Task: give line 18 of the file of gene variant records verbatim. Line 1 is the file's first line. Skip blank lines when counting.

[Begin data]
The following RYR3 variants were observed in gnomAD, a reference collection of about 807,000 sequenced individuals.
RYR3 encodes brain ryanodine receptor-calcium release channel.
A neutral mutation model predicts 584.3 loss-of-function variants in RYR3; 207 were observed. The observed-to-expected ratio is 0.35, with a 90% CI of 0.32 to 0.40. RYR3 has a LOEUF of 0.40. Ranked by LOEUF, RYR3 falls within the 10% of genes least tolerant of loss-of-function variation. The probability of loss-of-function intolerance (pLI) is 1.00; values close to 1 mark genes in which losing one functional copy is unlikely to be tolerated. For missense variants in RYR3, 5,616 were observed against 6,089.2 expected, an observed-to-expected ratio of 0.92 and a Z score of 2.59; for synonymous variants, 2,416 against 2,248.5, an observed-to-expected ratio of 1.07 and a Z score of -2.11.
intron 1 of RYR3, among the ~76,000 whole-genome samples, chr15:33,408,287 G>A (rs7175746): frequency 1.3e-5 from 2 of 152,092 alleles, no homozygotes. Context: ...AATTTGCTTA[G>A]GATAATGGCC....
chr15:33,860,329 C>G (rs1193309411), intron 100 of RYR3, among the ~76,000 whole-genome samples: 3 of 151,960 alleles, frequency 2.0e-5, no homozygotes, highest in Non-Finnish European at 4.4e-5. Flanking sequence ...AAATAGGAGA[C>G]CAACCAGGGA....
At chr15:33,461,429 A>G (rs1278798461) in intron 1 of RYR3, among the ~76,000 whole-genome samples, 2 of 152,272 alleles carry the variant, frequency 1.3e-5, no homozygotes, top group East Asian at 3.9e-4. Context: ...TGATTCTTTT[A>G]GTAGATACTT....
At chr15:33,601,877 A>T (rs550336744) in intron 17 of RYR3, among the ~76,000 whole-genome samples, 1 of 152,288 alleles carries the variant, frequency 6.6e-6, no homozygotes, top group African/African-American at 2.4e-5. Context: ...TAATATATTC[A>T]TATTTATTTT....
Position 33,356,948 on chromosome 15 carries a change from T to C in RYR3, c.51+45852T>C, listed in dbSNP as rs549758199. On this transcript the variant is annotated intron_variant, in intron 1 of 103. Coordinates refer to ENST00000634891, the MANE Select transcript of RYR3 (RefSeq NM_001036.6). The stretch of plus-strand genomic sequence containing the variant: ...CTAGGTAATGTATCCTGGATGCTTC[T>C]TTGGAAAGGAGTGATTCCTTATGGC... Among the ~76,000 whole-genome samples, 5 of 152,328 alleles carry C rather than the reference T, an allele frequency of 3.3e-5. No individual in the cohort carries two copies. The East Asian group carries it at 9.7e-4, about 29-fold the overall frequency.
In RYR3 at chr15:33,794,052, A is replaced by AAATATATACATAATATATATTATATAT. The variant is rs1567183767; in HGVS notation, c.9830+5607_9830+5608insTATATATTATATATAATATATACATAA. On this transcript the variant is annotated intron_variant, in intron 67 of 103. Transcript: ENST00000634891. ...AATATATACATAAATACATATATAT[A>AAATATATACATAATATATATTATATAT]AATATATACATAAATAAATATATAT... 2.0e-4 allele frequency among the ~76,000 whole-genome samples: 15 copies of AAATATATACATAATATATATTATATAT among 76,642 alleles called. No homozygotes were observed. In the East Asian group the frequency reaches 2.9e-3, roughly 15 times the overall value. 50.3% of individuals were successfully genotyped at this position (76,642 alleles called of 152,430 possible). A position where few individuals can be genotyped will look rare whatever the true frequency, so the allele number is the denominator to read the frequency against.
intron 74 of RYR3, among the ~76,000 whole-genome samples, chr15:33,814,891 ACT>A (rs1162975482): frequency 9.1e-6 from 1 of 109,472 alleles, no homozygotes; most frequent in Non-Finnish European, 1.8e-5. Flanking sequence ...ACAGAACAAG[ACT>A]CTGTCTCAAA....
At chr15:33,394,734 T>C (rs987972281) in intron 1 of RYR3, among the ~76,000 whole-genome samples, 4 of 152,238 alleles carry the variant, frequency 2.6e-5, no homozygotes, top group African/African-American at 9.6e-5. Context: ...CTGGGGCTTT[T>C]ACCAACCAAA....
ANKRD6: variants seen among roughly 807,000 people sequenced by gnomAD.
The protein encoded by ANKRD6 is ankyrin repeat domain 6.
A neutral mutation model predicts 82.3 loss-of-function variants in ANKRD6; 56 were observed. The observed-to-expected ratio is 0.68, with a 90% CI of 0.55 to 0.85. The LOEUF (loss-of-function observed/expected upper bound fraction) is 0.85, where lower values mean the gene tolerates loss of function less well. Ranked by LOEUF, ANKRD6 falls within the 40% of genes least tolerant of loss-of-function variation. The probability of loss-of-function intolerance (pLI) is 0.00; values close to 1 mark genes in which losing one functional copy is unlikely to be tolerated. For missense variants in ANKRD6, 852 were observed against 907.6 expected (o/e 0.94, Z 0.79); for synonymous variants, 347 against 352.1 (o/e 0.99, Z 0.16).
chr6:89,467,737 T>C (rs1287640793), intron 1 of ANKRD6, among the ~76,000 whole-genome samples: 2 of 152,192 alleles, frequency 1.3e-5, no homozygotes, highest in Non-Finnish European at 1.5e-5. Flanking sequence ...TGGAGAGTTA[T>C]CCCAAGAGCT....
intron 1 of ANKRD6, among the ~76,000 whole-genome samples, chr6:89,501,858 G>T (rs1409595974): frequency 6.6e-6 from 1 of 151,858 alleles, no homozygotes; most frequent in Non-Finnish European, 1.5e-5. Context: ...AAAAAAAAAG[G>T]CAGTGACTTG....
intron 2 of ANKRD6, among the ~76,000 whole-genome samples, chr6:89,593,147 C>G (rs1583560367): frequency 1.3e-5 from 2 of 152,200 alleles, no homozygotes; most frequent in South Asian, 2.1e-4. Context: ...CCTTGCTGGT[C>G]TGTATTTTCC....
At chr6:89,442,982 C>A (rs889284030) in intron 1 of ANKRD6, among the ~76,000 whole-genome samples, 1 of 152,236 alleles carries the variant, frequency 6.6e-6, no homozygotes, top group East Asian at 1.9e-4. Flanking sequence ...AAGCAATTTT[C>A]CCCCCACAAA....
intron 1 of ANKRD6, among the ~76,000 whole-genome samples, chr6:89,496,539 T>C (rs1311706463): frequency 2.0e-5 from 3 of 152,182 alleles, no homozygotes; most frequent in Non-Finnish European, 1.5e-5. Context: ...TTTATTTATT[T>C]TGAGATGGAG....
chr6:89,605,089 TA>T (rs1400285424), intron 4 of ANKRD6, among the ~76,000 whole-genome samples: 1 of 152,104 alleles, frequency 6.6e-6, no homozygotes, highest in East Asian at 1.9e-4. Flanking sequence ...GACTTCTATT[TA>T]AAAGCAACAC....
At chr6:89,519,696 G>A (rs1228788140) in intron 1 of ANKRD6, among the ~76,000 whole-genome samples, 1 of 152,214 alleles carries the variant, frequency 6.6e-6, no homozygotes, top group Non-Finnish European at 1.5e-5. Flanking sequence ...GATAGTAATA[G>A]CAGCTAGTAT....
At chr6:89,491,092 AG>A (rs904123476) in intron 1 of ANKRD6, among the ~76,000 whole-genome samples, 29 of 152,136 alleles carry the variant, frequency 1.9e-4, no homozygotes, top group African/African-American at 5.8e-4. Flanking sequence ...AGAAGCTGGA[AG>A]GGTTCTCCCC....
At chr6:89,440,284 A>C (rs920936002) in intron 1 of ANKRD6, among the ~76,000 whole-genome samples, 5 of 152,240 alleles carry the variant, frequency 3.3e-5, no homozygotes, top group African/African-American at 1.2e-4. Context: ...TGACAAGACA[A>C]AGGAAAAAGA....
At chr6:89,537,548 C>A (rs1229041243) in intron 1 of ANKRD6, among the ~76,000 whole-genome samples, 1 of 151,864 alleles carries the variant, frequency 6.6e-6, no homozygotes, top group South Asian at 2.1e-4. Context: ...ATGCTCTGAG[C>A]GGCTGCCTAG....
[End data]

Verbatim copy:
At chr6:89,442,982 C>A (rs889284030) in intron 1 of ANKRD6, among the ~76,000 whole-genome samples, 1 of 152,236 alleles carries the variant, frequency 6.6e-6, no homozygotes, top group East Asian at 1.9e-4. Flanking sequence ...AAGCAATTTT[C>A]CCCCCACAAA....